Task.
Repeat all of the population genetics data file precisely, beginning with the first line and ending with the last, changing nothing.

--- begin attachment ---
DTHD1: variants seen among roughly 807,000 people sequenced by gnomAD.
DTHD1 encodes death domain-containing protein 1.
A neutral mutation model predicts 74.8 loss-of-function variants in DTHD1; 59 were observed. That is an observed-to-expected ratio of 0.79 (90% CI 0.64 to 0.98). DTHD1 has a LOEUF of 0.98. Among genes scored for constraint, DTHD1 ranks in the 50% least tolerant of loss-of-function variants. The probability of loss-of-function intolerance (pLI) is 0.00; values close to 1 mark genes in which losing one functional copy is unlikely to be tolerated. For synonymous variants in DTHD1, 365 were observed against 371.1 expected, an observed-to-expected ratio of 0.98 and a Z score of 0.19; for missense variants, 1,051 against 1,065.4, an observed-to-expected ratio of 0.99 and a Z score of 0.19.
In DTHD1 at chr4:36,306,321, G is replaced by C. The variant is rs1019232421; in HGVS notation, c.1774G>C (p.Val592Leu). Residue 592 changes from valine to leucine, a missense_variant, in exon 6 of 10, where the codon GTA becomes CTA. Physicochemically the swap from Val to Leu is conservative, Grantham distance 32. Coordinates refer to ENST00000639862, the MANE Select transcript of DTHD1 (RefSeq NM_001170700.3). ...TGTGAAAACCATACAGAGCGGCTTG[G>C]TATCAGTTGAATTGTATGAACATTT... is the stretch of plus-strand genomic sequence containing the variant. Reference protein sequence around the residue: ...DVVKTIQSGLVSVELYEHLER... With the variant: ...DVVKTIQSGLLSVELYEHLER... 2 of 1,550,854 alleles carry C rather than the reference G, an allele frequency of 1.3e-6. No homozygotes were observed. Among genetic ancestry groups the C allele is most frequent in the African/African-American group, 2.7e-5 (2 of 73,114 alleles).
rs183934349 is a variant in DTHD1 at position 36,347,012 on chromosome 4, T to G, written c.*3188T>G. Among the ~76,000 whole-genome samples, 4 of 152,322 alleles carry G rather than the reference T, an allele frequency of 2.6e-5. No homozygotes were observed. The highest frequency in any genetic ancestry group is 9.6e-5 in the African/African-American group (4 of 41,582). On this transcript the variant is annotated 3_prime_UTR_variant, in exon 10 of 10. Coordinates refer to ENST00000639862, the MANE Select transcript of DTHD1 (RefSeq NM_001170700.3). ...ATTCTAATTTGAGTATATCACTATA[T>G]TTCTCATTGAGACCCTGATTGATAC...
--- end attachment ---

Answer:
DTHD1: variants seen among roughly 807,000 people sequenced by gnomAD.
DTHD1 encodes death domain-containing protein 1.
A neutral mutation model predicts 74.8 loss-of-function variants in DTHD1; 59 were observed. That is an observed-to-expected ratio of 0.79 (90% CI 0.64 to 0.98). DTHD1 has a LOEUF of 0.98. Among genes scored for constraint, DTHD1 ranks in the 50% least tolerant of loss-of-function variants. The probability of loss-of-function intolerance (pLI) is 0.00; values close to 1 mark genes in which losing one functional copy is unlikely to be tolerated. For synonymous variants in DTHD1, 365 were observed against 371.1 expected, an observed-to-expected ratio of 0.98 and a Z score of 0.19; for missense variants, 1,051 against 1,065.4, an observed-to-expected ratio of 0.99 and a Z score of 0.19.
In DTHD1 at chr4:36,306,321, G is replaced by C. The variant is rs1019232421; in HGVS notation, c.1774G>C (p.Val592Leu). Residue 592 changes from valine to leucine, a missense_variant, in exon 6 of 10, where the codon GTA becomes CTA. Physicochemically the swap from Val to Leu is conservative, Grantham distance 32. Coordinates refer to ENST00000639862, the MANE Select transcript of DTHD1 (RefSeq NM_001170700.3). ...TGTGAAAACCATACAGAGCGGCTTG[G>C]TATCAGTTGAATTGTATGAACATTT... is the stretch of plus-strand genomic sequence containing the variant. Reference protein sequence around the residue: ...DVVKTIQSGLVSVELYEHLER... With the variant: ...DVVKTIQSGLLSVELYEHLER... 2 of 1,550,854 alleles carry C rather than the reference G, an allele frequency of 1.3e-6. No homozygotes were observed. Among genetic ancestry groups the C allele is most frequent in the African/African-American group, 2.7e-5 (2 of 73,114 alleles).
rs183934349 is a variant in DTHD1 at position 36,347,012 on chromosome 4, T to G, written c.*3188T>G. Among the ~76,000 whole-genome samples, 4 of 152,322 alleles carry G rather than the reference T, an allele frequency of 2.6e-5. No homozygotes were observed. The highest frequency in any genetic ancestry group is 9.6e-5 in the African/African-American group (4 of 41,582). On this transcript the variant is annotated 3_prime_UTR_variant, in exon 10 of 10. Coordinates refer to ENST00000639862, the MANE Select transcript of DTHD1 (RefSeq NM_001170700.3). ...ATTCTAATTTGAGTATATCACTATA[T>G]TTCTCATTGAGACCCTGATTGATAC...